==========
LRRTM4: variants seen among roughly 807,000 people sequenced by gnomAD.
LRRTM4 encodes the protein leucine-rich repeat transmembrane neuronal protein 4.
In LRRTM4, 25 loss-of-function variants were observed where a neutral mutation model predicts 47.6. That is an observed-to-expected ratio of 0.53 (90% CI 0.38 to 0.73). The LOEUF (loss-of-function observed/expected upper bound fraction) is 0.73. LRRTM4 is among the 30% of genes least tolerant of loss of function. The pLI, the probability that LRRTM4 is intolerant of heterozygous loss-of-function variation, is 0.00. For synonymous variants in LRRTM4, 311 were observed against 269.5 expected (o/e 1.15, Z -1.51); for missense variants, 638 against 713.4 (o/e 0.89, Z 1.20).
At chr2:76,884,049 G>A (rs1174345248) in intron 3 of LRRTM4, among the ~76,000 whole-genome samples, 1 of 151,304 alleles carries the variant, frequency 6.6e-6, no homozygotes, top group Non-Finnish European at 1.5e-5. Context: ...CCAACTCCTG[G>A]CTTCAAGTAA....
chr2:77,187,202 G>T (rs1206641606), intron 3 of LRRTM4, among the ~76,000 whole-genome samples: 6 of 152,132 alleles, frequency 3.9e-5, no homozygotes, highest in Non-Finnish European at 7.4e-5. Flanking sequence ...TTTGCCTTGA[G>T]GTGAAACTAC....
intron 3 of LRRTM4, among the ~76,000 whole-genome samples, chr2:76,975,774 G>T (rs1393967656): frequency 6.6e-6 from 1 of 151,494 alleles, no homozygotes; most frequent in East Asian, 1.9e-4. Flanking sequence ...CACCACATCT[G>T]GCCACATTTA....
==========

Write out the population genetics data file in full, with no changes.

LRRTM4: variants seen among roughly 807,000 people sequenced by gnomAD.
LRRTM4 encodes the protein leucine-rich repeat transmembrane neuronal protein 4.
In LRRTM4, 25 loss-of-function variants were observed where a neutral mutation model predicts 47.6. That is an observed-to-expected ratio of 0.53 (90% CI 0.38 to 0.73). The LOEUF (loss-of-function observed/expected upper bound fraction) is 0.73. LRRTM4 is among the 30% of genes least tolerant of loss of function. The pLI, the probability that LRRTM4 is intolerant of heterozygous loss-of-function variation, is 0.00. For synonymous variants in LRRTM4, 311 were observed against 269.5 expected (o/e 1.15, Z -1.51); for missense variants, 638 against 713.4 (o/e 0.89, Z 1.20).
At chr2:76,884,049 G>A (rs1174345248) in intron 3 of LRRTM4, among the ~76,000 whole-genome samples, 1 of 151,304 alleles carries the variant, frequency 6.6e-6, no homozygotes, top group Non-Finnish European at 1.5e-5. Context: ...CCAACTCCTG[G>A]CTTCAAGTAA....
chr2:77,187,202 G>T (rs1206641606), intron 3 of LRRTM4, among the ~76,000 whole-genome samples: 6 of 152,132 alleles, frequency 3.9e-5, no homozygotes, highest in Non-Finnish European at 7.4e-5. Flanking sequence ...TTTGCCTTGA[G>T]GTGAAACTAC....
intron 3 of LRRTM4, among the ~76,000 whole-genome samples, chr2:76,975,774 G>T (rs1393967656): frequency 6.6e-6 from 1 of 151,494 alleles, no homozygotes; most frequent in East Asian, 1.9e-4. Flanking sequence ...CACCACATCT[G>T]GCCACATTTA....